Out of this revolutionary reform tendency and after the quick death of Andropov’s successor Konstantin Chernenko, emerged one of Andropov’s closest comrades, Mikhail Gorbachev, as General Secretary of the CPSU at the 27th Party Congress of 1986. Following Andropov’s reform legacy, Gorbachev quickly took initiative on several reform projects cut short by the untimely death of his mentor, such as a social campaign against alcoholism, an economic project to reduce workplace absenteeism, and an internal political crusade against corruption. Gorbachev’s initial reluctance to consider the market as a viable solution to economic problems convinced most Party members, regardless of their own inclinations, that the Soviet Union would continue to reform within the framework of economic planning.
However, market-oriented Party members like Anatoly Chernyaev and Alexander Yakovlev exerted progressively greater influence over Gorbachev and official policy throughout the course of perestroika and would eventually force the Party to decisively determine whether the future of socialist reform would rely on market mechanisms or economic planning. Numerous ideologically motivated western scholars have attempted to portray the evolution of perestroika as an inevitable trajectory toward liberal capitalism, resulting from deficiencies inherent to the theoretical framework of socialist development, and frame those who opposed market reforms as detractors from perestroika itself. Robert Kaiser, correspondent for the Wall Street Journal and author of Why Gorbachev Happened, forms a narrative of perestroika with his journalistic experiences in the USSR of the late 1980s, arguing that the “Party conservatives” were lead by “a straight-laced Communist puritan, a believer in the contributions of earlier leaders from Stalin to Brezhnev” and were incapable of working toward reform in any capacity.8 Secondary source accounts of perestroika and the Nina Andreeva affair, such as Archie Brown’sThe Gorbachev Factor, Ben Eklof’s Soviet Briefing: Gorbachev and the Reform Period, and Joseph Gibbs’ Gorbachev’s Glasnost: The Soviet Media in the First Phase of Perestroika in particular, echo the sentiment that perestroika belonged solely to those Party members whose market-oriented policies would eventually lead to the restoration of capitalism. Unfortunately, both primary and secondary western sources have generally recreated one sided narratives of perestroika that rely on recollections from market-oriented reformers and reject their opposition as neo-Stalinists, echoing the claims of Party members like Chernyaev and Yakovlev. In spite of the lack of thorough analysis surrounding planning-oriented reformers’ historical contributions to perestroika, their stories, when put in conversation through the recollections of Party members as commonly explored in western scholarship, provide vital insight into the forces which brought about the demise of the Soviet Union and create the necessity for radically new historical interpretations of perestroika and its consequences.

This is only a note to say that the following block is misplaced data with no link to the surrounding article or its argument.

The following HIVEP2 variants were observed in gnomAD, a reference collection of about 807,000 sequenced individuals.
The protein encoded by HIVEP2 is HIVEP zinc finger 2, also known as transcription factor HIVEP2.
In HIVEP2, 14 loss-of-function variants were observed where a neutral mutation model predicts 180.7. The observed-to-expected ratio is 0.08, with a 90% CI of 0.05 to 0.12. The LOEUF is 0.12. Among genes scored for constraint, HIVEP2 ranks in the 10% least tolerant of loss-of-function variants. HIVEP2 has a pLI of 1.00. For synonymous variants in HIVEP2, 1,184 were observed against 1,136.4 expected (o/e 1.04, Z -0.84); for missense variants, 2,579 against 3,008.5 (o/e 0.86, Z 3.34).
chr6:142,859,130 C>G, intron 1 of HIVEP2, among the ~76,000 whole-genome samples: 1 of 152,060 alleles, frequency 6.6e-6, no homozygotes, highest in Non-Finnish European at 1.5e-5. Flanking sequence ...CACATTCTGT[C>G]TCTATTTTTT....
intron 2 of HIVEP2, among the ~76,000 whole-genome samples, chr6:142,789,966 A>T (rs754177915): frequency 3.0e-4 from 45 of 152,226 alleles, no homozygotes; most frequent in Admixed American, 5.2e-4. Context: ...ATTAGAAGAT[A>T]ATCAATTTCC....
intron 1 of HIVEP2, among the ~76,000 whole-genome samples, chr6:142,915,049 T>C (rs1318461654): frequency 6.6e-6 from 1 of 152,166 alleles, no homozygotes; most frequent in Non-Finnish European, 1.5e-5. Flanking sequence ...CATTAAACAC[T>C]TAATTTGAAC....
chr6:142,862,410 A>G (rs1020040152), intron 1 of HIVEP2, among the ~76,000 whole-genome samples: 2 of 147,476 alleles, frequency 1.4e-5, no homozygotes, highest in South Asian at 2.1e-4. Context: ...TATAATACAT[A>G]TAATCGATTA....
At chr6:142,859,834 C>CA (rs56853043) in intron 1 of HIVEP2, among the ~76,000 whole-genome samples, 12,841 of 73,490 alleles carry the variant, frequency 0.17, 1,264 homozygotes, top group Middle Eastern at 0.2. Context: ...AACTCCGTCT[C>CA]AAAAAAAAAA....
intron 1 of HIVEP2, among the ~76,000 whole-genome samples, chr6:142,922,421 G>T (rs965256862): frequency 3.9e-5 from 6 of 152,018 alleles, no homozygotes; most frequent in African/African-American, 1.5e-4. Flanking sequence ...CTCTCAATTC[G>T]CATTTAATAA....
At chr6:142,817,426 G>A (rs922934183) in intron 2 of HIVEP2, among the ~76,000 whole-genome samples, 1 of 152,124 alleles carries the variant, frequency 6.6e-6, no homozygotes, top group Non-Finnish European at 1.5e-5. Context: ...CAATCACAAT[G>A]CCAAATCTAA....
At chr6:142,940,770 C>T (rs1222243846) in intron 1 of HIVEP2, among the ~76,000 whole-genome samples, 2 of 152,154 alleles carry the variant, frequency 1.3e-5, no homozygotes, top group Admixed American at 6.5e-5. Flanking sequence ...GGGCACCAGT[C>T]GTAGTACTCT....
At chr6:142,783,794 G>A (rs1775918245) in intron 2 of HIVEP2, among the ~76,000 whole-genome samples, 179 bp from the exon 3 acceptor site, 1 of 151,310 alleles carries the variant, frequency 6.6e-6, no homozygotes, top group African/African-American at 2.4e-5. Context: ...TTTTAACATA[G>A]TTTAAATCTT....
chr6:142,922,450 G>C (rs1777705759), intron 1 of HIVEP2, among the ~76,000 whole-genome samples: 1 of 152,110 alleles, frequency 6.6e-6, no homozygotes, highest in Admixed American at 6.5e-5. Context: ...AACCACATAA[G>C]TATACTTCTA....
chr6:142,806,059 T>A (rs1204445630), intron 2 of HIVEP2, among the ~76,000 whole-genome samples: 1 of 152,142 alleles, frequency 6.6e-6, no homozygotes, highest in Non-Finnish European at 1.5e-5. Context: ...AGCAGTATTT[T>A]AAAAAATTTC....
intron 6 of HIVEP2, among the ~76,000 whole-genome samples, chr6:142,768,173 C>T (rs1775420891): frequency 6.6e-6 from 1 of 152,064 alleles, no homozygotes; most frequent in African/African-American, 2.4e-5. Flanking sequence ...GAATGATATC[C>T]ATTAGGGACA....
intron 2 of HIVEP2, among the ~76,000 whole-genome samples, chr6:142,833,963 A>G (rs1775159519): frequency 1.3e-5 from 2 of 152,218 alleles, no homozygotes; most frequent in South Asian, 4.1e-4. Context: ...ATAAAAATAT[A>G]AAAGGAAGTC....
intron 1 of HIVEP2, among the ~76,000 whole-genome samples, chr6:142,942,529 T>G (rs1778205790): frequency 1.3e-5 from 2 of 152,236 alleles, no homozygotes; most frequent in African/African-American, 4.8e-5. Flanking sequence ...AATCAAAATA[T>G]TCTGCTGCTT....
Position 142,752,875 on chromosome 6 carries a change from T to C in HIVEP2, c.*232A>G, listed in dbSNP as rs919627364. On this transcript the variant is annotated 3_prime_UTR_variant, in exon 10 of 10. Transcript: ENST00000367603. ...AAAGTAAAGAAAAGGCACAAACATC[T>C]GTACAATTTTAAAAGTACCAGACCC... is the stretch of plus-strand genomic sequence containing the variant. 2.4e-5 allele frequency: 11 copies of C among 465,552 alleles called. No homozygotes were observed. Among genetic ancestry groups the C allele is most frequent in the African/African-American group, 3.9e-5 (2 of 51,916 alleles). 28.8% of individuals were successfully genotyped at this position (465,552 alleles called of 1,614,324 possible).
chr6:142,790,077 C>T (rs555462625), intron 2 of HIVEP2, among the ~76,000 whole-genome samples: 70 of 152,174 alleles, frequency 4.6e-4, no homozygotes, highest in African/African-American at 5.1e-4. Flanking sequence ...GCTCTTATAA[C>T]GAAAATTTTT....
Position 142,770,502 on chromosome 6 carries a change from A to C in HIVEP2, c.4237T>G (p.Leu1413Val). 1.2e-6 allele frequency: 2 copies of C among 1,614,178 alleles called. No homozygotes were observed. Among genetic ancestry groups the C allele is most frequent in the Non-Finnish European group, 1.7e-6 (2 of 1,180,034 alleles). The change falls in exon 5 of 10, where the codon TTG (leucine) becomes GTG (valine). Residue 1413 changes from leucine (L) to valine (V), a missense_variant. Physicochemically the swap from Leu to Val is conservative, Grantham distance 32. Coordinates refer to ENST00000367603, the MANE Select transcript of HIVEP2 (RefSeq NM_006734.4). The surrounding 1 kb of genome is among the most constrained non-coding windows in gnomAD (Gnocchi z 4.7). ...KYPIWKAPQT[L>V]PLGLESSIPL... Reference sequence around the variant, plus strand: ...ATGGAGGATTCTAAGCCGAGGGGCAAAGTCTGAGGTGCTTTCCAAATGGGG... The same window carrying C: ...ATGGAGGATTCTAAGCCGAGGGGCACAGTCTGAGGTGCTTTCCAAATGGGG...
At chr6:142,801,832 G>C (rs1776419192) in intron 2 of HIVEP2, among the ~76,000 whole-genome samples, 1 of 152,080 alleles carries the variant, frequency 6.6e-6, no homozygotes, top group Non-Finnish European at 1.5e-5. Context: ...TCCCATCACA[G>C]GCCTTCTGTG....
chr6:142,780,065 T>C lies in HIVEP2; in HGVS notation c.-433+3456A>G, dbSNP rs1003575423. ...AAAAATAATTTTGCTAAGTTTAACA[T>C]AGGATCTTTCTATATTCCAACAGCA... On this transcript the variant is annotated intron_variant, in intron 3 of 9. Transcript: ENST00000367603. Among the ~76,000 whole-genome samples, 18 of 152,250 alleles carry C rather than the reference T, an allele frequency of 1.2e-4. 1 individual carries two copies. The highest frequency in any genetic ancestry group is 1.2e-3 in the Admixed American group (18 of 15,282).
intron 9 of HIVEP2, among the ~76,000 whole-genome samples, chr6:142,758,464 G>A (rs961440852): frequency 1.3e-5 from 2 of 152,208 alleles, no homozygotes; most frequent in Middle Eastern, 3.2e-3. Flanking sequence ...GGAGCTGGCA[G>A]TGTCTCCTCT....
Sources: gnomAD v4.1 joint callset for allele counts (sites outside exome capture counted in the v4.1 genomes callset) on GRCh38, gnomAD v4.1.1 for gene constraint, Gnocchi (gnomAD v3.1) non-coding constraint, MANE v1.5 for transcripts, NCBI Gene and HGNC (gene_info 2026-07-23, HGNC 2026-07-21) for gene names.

Sovetskaya Rossiya’s publication of the controversial Andreeva letter in March 1988 ignited a political struggle between two emerging rival factions within the CPSU over the nature of Soviet reform—the supporters of the Andreeva letter led by Yegor Ligachev and its opponents led by Mikhail Gorbachev. The Andreeva letter’s instant popularity within the Party and throughout Soviet society indicated that its arguments voiced the concern of many planning-oriented reformers and their sympathizers. Contrary to the claims of western historians and market-oriented reformers, Andreeva’s letter reiterated the necessity of reform in the USSR but did so while bringing attention to the contemporary media’s liberal attacks on the historical achievements of Soviet culture and economy, the west’s exploitation of these attacks for propagandistic purposes, and the ideological confusion that had resulted throughout the younger generations as a result. For Andreeva and her sympathisers, the letter’s publication represented nothing more than a free political expression protected by the perestroika policy of glasnost.